There were certain things that Faeries had to do.
For one thing; they had to wait. Waiting was all Ix had ever known
, but along with it went a sort of bursting excitement. Her fourth birthday was nearing, and with that, the promise of a life that reached further
than hanging around Faerieland with her friends, playing amongst the clouds
, daring each other to throw rocks at Jhudora's Bluff. There were a few days
left, and Ix could feel it
in her bones—power that she was going to be able to use in a little while. The ability
to help others. To be more than just a child staring down from the clouds.
What was she waiting for?
When Faeries turned of age, they would be able to finally harness the magic
that was contained within them. They would be taught
by Neopia's finest Faeries how to help others, how to heal, how to fly, and most of all, how to make a difference.
And for Ix, who had spent her whole life
waiting to actually mean something to the world, it was an unbelievably enormous day. The seconds were going by too slowly... tick...
tick... tick... tick...
But when the day came
she knew that something was terribly wrong. There was nothing different
about her. Ix felt exactly the same. A look in the mirror told her as much; her eyes were the same, her voice was the same, her mind was the same. She was supposed
to have become a true Faerie—what was wrong
Her family was disappointed.
That was an understatement; her family was devastated
when they found out that Ix was not the Faerie they had wanted her to be. They had always suspected
that something had been wrong with her—her temper, which she just barely managed to keep checked in order to keep respectable under Fyora's
watchful eye; her twitchiness, her short attention span. They began to wonder
if Ix had been destined to become a Faerie in the first place.
Devastated and turned away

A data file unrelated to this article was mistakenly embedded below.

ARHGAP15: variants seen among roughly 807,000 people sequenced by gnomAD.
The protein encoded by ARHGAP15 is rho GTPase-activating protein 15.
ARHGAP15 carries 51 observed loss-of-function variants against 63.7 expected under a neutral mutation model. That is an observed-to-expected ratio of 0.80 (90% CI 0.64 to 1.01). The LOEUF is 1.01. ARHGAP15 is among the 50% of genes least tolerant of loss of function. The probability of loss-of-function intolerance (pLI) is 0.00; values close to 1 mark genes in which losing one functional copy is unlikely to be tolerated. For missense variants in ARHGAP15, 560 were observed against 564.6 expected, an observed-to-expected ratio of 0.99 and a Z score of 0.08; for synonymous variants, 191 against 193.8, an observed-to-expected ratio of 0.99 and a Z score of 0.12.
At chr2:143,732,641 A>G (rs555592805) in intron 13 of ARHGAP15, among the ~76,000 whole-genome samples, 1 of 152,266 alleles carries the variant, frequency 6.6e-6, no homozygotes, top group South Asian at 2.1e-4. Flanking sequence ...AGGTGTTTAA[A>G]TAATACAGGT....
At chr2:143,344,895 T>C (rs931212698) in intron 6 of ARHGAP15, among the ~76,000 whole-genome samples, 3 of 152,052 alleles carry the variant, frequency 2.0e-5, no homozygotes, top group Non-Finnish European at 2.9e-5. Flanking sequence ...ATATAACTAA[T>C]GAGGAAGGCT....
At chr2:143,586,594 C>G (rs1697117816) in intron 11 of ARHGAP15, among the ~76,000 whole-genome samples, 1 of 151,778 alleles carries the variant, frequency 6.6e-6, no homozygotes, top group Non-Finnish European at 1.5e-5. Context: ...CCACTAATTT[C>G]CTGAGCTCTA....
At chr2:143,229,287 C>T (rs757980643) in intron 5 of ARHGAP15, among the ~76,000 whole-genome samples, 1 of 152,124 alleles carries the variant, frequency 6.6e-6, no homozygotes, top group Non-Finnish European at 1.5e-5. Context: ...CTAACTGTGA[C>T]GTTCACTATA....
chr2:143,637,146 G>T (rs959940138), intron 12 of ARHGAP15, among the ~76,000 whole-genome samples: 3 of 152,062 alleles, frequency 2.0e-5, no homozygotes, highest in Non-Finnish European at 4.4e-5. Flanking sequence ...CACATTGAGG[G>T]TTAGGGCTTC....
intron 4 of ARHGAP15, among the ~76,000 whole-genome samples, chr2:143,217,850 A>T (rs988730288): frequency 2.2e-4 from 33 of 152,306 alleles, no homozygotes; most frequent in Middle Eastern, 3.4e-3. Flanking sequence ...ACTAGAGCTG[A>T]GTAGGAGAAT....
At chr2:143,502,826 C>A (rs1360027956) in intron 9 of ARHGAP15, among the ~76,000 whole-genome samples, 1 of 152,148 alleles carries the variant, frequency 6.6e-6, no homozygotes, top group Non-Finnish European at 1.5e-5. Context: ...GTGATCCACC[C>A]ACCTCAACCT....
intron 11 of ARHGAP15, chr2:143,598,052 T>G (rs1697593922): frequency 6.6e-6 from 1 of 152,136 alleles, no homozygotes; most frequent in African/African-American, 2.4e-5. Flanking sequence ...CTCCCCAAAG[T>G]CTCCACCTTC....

by her family—and what did Ix do? She was angry, but at what? She was confused, but where could she find the answers she wanted? Eventually
, Ix wandered to the outskirts of Faerieland, where she had been instructed never to go, for fear of falling. Most Faeries didn't have to worry
about that, but Ix couldn't fly—and in that second, she realized that she was trapped. Where could she go?
It was in that second
when she saw a shadowy figure
emerging from the darkness just beyond the edge of Faerieland.
The apparition had long, hanging wings, and at first Ix felt her hear clench with jealousy
even before she had time to feel fear—but once they stepped into the light, she realized that the Lenny before her was not Faerie, but Mutant.
To be honest, Ix had never
seen a Mutant Neopian outside of books and classes—but with her already-crushed ego, she was in no mood
to admit that he made her nervous. So she stood her ground
, eyes level with his beady yellow sockets, and watched his mouth slowly open.
Hello there, miss,
he croaked, stepping forward, his smile stretching impossibly wide across his beak—Why the long face?
Ix swallowed nervously, trying to fight the urge to run. Perhaps if she gave the illusion that she had Faerie abilities, he would leave her alone.